American’s rioted in the streets in a manner not seen in decades over the death of George Floyd at the hands of police in Minneapolis, but that didn’t stop equity markets, which continued an incredible run, up 5.3% in the US and 7.2% outside the US. The disconnect is startling. Jeremy Grantham of GMO wrote in his latest quarterly letter that the market valuation, as measured in terms of p/e, is in the top 10% in history, while the economy, is in the bottom 10%, and probably worse than that. However, on the other hand, Wharton Professor Jeremy Siegel, has said that if you do a discounted cash flow analysis and assume a 30% drop in earnings this year, followed by a return to normalcy, you would get a price cut of only 4% or so. That is slightly better than the overall US market as measured by the VTI which is down just 5.5% from the February 19 high.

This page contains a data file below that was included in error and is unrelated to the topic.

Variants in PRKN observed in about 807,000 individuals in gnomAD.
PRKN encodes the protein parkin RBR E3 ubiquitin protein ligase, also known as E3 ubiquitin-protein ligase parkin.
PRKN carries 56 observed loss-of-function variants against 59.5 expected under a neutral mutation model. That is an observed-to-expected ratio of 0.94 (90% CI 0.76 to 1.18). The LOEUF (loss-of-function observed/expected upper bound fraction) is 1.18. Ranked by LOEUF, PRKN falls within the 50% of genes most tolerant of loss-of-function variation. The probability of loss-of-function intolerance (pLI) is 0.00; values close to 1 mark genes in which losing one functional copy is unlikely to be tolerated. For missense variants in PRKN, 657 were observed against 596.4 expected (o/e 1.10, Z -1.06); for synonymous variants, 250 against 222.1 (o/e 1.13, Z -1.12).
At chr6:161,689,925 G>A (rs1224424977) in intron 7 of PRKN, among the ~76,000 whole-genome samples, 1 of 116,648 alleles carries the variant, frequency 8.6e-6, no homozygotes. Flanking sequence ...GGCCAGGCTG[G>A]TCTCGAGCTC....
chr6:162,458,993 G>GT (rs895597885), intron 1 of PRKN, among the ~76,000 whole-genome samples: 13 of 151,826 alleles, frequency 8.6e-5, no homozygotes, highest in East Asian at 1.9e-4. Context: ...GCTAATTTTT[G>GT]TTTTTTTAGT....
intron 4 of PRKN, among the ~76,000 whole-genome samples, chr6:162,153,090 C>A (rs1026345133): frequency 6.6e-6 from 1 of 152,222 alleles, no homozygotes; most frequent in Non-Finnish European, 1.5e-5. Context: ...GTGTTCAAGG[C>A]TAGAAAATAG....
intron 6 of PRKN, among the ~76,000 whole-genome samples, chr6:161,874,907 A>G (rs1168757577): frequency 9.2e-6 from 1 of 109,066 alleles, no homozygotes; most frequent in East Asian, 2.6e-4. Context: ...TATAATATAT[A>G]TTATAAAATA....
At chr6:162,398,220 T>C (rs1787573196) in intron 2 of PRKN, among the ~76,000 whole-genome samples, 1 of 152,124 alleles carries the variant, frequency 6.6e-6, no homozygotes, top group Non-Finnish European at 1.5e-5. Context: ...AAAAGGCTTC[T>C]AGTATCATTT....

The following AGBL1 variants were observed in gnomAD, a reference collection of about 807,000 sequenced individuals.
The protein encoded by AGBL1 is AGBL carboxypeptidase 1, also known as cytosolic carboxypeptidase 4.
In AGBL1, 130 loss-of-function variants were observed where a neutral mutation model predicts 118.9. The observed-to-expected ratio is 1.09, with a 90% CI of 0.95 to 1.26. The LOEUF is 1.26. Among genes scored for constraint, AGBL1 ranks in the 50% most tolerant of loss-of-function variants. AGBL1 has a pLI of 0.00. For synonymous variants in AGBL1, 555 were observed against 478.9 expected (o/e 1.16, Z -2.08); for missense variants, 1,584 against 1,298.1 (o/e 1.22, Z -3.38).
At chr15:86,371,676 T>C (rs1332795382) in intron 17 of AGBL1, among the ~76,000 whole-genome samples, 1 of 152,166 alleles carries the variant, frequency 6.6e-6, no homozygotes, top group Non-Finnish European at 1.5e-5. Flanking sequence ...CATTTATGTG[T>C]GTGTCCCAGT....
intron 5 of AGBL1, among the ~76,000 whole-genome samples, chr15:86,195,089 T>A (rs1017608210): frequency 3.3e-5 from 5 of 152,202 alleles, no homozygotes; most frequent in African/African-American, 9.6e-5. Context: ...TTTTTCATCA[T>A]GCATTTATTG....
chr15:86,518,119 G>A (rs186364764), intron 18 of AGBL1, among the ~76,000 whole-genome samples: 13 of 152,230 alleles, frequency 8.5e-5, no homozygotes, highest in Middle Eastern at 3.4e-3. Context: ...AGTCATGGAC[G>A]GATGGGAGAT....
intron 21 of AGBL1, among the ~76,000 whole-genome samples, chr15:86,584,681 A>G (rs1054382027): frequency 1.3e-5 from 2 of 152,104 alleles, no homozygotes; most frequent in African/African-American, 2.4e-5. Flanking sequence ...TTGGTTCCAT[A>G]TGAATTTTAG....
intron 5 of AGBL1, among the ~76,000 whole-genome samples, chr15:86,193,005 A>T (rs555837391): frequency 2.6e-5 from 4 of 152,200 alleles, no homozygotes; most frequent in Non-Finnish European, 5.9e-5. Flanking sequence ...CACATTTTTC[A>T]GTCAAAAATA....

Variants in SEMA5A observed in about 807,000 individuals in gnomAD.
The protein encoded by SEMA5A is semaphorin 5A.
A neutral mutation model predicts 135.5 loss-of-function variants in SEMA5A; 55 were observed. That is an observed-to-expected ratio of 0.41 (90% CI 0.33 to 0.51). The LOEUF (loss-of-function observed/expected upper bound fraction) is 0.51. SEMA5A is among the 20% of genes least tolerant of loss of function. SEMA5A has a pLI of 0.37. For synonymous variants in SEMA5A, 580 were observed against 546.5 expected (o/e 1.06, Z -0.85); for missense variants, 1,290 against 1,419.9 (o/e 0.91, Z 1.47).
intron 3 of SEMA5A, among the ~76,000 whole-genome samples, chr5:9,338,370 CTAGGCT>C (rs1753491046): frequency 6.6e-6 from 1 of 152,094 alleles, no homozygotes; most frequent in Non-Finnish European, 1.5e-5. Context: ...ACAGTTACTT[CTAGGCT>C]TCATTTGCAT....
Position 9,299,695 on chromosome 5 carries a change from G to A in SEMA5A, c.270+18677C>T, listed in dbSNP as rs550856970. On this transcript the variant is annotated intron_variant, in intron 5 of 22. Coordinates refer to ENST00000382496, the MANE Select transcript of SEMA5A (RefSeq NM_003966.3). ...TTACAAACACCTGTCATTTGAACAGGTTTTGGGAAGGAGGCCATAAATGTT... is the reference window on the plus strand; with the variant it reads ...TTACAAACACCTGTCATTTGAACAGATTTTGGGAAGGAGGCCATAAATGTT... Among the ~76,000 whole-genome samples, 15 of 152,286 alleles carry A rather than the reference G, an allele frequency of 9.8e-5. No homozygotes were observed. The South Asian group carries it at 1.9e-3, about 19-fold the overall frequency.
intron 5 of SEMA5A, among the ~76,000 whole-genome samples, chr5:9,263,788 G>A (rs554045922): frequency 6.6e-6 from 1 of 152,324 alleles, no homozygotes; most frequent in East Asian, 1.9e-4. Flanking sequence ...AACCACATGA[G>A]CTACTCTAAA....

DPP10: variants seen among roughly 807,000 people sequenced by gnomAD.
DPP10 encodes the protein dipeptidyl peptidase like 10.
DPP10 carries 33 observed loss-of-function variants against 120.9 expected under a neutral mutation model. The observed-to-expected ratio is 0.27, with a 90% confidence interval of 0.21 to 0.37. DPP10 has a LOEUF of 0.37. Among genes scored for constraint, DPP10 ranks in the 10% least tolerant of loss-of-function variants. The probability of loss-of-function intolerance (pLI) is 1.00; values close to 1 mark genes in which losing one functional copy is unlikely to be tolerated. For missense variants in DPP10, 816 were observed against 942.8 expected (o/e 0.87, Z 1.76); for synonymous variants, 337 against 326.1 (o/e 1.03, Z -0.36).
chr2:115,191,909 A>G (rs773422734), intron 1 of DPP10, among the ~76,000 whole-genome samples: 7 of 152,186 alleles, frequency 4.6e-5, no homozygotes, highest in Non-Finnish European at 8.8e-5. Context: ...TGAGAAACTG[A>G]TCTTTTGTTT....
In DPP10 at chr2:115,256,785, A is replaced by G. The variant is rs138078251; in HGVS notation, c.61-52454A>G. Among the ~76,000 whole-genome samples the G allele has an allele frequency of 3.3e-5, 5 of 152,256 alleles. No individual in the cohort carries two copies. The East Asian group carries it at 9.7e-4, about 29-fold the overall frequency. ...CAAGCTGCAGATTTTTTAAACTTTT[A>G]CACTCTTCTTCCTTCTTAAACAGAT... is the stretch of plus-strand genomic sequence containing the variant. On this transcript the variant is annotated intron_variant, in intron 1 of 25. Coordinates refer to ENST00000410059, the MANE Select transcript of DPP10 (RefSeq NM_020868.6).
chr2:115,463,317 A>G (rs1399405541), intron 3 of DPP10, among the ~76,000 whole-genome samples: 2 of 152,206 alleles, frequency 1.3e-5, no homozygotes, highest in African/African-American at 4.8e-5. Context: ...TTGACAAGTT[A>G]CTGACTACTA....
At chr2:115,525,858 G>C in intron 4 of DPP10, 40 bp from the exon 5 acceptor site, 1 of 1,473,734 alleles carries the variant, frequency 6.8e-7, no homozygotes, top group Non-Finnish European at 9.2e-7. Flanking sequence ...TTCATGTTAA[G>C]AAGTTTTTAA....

As crazy as it seems that the market would rally with cities burning, it is not without precedent. The week after Martin Luther King’s death in 1968, stocks were up by 2.9% and were up 5.1% one-month after. Stocks were up 1.2% after LA police officers were found not guilty of assault against Rodney King. Liz Ann Sonders, chief investment strategist at Charles Schwab says that “…if you look back at large-scale civil unrest… the market tended to sort of look through that.”
The week was already positive but ramped higher on a surprisingly strong jobs report. The consensus was for a loss of 7.5 million jobs, but employers added 2.5 million jobs. The jobless rate fell to 13.3%, still a terrible number but down from 14.7%. The jobless rate is still 4x higher than in February, and some of the hires might be due to the PPP program. But the market took the report as a signal that the economy can come back to life sooner than feared and that a V-shaped recovery can happen.